Health

Coronavirus live news: curfew starts for millions in France; restrictions eased in Melbourne


Paris and several other French cities face month of restrictions; numbers soar in Europe amid new lockdowns; Melbourne lockdown eased from midnight with travel distance increased to 25km – follow live

Thailand reported three additional locally transmitted cases of the coronavirus on Sunday, a day after reporting its first local infections in more than a month.

The three new patients are family members of two Myanmar nationals who previously tested positive for the virus this week in the country’s northern province bordering Myanmar, the government’s coronavirus taskforce said.

Related: Thousands of Thais defy crackdown on protests in Bangkok

Coronavirus survives on skin five times longer than flu: study

The coronavirus remains active on human skin for nine hours, Japanese researchers have found, in a discovery they said showed the need for frequent hand washing to combat the Covid-19 pandemic.

Airlines face a long, hard winter after a much hoped for rebound from the coronavirus crisis failed to materialise, prompting savage cost cutting programmes and fresh calls for government support.

Airline revenues plunged 80% in the first six months of the year, according to industry body IATA, but they still had fixed costs to cover – crew, maintenance, fuel, airport levies and now aircraft storage.

Millions of Europeans faced tough new coronavirus restrictions as governments stepped up efforts to slow the surge in infections, after the World Health Organization reported a “very concerning” 44% rise in European cases over one week.

From Saturday evening, Paris and several other French cities go under a night-time curfew that will last at least a month. England is banning mixed household gatherings in the capital and other areas, and Italy’s most populous region is limiting bar openings and suspending sports events.

Related: Global Covid report: Paris under curfew as Europe battles soaring caseload

The US Senate will vote on Wednesday on a $300bn Senate Republican coronavirus relief bill that is far below the estimated $2tn that Democrats have demanded.

The bill, dubbed a “skinny” relief bill for its pared-down funding, was already rejected by Democrats in September and is again expected to fail.

Secretary @stevenmnuchin1 and @SpeakerPelosi spoke for an hour and 15 minutes tonight. Their staffs will continue discussions, and they have agreed to speak again on Monday.

Reports coming from around the world:

China reported 13 new coronavirus cases in the mainland for 17 October, the same as a day earlier, the health commission said on Sunday.

Saudi Arabia allowed its citizens and residents inside the kingdom to perform prayers in one of the most holy religious sites in Islam, Al-Haram mosque in Mecca, for the first time in seven months, state television reported early on Sunday.

Earlier this month Saudi Arabia allowed citizens and residents to perform the Umrah pilgrimage at Islam’s holiest sites, Mecca and Medina, after a seven-month pause due to coronavirus concerns.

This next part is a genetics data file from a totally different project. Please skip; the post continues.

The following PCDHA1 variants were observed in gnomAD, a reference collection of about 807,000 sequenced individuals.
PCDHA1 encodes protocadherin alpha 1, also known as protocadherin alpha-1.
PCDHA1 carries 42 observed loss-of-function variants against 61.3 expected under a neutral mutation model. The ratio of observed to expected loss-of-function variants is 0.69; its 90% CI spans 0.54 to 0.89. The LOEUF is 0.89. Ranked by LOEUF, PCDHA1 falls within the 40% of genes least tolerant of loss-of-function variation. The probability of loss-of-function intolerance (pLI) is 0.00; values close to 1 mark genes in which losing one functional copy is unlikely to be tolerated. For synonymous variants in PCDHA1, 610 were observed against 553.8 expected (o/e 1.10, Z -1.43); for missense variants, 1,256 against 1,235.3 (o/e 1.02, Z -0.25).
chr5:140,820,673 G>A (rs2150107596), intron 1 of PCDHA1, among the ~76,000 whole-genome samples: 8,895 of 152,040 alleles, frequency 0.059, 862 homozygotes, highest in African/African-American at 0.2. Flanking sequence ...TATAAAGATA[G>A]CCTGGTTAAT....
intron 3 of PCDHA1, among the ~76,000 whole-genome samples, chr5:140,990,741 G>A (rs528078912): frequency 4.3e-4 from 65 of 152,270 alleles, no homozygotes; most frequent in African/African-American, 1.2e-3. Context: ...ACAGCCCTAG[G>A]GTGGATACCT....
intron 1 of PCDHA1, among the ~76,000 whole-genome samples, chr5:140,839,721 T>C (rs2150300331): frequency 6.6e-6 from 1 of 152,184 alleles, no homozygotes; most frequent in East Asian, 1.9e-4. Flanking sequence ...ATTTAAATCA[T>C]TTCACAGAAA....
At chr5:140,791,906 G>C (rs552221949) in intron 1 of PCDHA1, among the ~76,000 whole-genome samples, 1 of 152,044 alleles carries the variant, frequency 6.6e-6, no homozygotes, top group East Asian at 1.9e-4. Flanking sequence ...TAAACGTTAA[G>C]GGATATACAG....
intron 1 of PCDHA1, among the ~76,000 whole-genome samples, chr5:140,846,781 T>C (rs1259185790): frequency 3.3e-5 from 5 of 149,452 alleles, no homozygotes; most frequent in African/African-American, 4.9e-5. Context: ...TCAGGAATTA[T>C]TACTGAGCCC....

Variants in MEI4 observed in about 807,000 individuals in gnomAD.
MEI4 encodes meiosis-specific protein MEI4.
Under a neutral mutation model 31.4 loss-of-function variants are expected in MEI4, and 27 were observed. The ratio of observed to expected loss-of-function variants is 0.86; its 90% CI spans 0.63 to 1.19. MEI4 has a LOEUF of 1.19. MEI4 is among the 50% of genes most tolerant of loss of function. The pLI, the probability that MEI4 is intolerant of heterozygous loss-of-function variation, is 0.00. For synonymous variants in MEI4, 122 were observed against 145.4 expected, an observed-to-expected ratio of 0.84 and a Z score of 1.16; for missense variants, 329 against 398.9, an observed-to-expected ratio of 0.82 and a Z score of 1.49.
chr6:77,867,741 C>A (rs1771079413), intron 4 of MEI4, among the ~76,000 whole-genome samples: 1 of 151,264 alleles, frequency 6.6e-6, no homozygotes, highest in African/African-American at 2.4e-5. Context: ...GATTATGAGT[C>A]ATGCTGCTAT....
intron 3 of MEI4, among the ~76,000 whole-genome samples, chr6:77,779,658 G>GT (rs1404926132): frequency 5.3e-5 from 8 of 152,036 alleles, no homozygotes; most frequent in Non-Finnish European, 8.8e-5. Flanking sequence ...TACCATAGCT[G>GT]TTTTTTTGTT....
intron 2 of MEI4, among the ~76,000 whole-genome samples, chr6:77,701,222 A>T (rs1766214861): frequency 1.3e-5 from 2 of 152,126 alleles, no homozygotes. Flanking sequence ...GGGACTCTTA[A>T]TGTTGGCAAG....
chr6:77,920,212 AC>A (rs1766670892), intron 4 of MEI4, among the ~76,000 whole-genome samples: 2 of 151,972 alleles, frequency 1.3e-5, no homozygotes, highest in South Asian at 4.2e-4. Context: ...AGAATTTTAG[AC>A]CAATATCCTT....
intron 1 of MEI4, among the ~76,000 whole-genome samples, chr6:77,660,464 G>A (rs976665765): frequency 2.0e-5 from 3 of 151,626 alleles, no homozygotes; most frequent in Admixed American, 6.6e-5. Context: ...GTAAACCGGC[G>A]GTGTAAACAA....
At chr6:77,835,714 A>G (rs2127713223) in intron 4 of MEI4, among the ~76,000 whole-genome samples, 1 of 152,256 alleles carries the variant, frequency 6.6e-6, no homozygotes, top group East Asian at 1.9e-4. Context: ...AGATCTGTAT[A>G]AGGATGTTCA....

The Thomson Reuters Foundation reports that the Covid-19 has left millions vulnerable to exploitation, abuse and trafficking:

Human traffickers are capitalising on the coronavirus pandemic to target people ranging from jobless migrants to out-of-school children, two United Nations specialists said, warning that the fallout from Covid-19 had driven the crime further underground.

It now seems up to 55 people who flew into Australia from New Zealand have travelled on to Victoria, despite that state not being part of the travel bubble. It’s exquisitely confusing, but Amy Remeikis has expertly summarised it here:

Related: Immigration minister points finger at Victoria over New Zealand travellers

The Wallis and Futuna islands have recorded their first Covid-19 case.

The French island collectivity, north-east of Fiji in the South Pacific Ocean, had been Covid-free since the beginning of the pandemic, aided by its remoteness, and the fact it can only be reached through New Caledonia (which has a mandatory quarantine regime in place).

Dan Andrews is into the nitty-gritty of how the new restriction regime will work.

After months of gruelling lockdown, Melburnians with disabilities or injuries will once again be able to access hydrotherapy pools.

Previously, Victoria’s Department of Health and Human Services (DHHS) said people could access private hydrotherapy pools for medical reasons, but it’s clear this was not occurring as the vast majority of these facilities are not allowing outpatients inside.

Lina Pane, who suffers from a muscular disorder, has had her condition seriously deteriorate over lockdowns, as swimming in a heated hydrotherapy pool was her only viable form of exercise. She told Guardian Australia she was terrified that she might lose the ability to walk by the end of the pandemic.

It’s about bloody time! But you know I need to see it for real to believe it. I’ll be calling around all my local swim centres to see who is open to let me in.